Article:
I think we’re looking to prepare Stacks, so that when folks really run into the restrictions on the L1, such as costs of minting or trading, and search for the complexity of trying to make sense of more sophisticated sorts of interactions between users. People are already feeling the pain of that, but I think the pain is only going to increase. We’re going to see, as people just sort of have had enough of it, more migration to the L2, especially as Stacks and other L2 evolve, and it has more capabilities for people.

So that’s a long way of saying that I don’t think it’s gonna be like an overnight, all of a sudden, like “Stacks goes to the roof.” But I think we’re gonna see an uptick as far as there’s interest and we’re gonna see a gradual movement to the L2 over the coming, let’s say, 12 months.

Crypto Briefing – Do you believe that the BTCfi movement will surpass the current bull cycle and make Bitcoin a permanent infrastructure when it comes to DeFi?

Mark Hendrickson – Yeah, I’m highly confident that this is going to surpass just the current bull market, and that’s partly because we’ve seen a huge emergence of interest in Bitcoin, DeFi, and Web3 over the past year. Plus, in times when there wasn’t a bull market. I mean, if you go back a year when things heated up, and this comes to Ordinals and Stacks, we’re still in a general bear market.

People in crypto in general are still waiting for life to come back into the industry. And yet, we are working on Bitcoin-based offerings, and we’re feeling this ‘mini bull’ run just within our ecosystem. To me, it’s clearly a trend that goes beyond just the current moment.

Also, I just noticed there’s a larger circle of people now in crypto that have traditionally been pro-Bitcoin in the sense that they thought it was the best asset to hold. But they are now experiencing that sort of ‘aha moment’ as far as it’s not just the best asset to hold, but you can build a lot of things with it. And we’re seeing all this experimentation as a result of that.

This cultural shift that we’ve seen when it comes to Bitcoin and the design space around it, I don’t see that just falling apart if the market were to head south as far as prices. I think that’s something that’s been an inspiration and folks have been again experimenting over the past year, even when things weren’t in a bull market in general.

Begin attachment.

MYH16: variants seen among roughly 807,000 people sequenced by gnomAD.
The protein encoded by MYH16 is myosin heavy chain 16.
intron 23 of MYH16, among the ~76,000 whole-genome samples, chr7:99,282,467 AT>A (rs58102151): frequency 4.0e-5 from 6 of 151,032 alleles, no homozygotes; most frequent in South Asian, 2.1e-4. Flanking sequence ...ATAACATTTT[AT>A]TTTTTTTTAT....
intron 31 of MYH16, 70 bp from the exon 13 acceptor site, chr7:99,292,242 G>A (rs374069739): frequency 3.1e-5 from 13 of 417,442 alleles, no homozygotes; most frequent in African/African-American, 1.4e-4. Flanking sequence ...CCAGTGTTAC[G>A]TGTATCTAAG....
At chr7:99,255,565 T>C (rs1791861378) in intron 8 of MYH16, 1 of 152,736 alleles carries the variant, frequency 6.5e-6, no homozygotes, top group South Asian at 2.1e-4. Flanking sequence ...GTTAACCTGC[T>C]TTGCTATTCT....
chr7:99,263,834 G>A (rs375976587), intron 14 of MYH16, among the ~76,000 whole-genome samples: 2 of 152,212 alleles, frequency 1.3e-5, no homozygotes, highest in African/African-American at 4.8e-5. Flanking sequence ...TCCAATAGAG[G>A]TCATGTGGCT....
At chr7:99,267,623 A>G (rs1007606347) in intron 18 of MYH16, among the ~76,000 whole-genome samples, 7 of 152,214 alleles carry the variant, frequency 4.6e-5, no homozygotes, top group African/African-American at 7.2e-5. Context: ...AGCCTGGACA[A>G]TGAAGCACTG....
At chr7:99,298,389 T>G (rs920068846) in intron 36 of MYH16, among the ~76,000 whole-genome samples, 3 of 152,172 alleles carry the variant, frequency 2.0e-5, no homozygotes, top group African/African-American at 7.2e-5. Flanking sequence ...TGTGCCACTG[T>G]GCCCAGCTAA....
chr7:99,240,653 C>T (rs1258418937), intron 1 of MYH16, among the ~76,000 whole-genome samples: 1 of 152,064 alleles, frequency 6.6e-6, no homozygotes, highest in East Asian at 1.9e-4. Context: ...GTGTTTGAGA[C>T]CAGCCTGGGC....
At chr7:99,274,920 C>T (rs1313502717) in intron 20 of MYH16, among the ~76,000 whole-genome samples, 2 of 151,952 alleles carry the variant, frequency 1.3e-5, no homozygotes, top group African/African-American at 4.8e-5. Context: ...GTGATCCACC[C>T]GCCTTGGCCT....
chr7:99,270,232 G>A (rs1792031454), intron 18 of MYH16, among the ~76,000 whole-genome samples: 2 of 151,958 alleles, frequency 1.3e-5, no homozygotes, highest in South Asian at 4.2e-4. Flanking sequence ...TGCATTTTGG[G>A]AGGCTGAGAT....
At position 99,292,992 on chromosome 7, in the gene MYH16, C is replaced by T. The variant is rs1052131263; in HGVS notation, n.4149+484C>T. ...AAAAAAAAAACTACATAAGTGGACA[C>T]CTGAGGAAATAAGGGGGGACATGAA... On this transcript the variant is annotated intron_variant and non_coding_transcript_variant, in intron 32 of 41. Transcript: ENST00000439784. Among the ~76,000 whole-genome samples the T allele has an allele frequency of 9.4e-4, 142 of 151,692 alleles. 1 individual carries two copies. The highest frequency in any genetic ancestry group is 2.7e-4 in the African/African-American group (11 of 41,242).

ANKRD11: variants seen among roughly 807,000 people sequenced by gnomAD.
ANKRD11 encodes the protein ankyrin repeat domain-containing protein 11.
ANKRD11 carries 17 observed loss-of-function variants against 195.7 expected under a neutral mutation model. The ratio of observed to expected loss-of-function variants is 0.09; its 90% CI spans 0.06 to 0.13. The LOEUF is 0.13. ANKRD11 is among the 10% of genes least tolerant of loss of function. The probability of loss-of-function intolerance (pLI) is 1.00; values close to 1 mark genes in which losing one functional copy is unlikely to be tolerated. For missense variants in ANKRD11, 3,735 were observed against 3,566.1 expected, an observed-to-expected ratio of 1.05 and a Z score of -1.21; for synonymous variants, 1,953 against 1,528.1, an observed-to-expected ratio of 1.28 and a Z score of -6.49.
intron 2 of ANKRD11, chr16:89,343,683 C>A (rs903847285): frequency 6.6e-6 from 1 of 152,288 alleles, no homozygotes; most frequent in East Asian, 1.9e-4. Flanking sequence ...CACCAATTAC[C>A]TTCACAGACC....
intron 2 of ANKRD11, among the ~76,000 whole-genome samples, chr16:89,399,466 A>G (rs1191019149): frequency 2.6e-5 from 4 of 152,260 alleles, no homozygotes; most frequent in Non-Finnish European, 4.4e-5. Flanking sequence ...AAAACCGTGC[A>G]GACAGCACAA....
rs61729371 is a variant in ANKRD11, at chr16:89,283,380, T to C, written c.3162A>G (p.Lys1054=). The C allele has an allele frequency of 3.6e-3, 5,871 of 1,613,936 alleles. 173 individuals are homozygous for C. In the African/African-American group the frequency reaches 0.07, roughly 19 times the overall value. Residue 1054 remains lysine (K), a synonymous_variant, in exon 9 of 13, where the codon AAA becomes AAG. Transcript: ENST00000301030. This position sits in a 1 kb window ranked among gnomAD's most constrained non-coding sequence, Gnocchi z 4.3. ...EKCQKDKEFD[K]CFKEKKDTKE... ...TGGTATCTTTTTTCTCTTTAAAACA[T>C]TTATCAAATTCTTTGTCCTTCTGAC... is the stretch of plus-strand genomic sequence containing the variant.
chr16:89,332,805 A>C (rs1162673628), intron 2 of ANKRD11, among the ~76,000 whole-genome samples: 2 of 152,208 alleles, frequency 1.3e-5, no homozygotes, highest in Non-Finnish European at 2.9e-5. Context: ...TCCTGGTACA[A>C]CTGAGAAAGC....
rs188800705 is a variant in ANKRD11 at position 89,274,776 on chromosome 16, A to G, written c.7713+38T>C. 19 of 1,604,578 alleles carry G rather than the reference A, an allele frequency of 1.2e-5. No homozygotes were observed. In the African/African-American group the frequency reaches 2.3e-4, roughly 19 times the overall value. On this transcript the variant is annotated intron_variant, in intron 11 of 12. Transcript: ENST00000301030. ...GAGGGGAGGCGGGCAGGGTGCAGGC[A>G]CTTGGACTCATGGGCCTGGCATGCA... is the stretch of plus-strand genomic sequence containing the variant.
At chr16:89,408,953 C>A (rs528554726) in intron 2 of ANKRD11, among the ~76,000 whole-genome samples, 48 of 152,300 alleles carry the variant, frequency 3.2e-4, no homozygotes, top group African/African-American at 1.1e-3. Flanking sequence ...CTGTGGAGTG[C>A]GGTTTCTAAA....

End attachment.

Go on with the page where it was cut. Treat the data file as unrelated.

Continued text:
Crypto Briefing – If the price can be used as a parameter, Bitcoin is seen as the most secure and reliable blockchain in crypto. However, up until now, we didn’t have a decentralized ecosystem built on it. Now that Bitcoin have DeFi capacities as other blockchains also have, such as Ethereum and Solana, what role do you see it playing in the DeFi ecosystem?

Mark Hendrickson – I think what we’ve seen mostly and what I would expect to continue seeing is projects that originate from other chains, such as Ethereum, Solana, or whatever it is, who have taken up an interest in Bitcoin-based solutions, not trying to shift everything over at once.

Instead, they say: “okay, we’re going to experiment with a particular project in the Bitcoin space and cut our teeth on just how it works with Bitcoin,” and sort of relearn how Bitcoin works as far as the fundamentals, plus the new protocols have been developed on top of it, and essentially get familiar with the primitives. So Bitcoin-based functionality on L1 over the past year has been mostly powered by PSPTs, which are partially signed Bitcoin transactions. And so these projects have to figure out, okay, how those work, how do we actually construct those? How do we actually pull those up into our applications?

So, projects are not looking and saying “let’s just take everything we’ve already done and just crank it into the new sort of way of doing things on Bitcoin.” But they’re saying “let’s start with something relatively small and then see if we can cultivate it from there, and compare and contrast the methodologies that are available across chains.”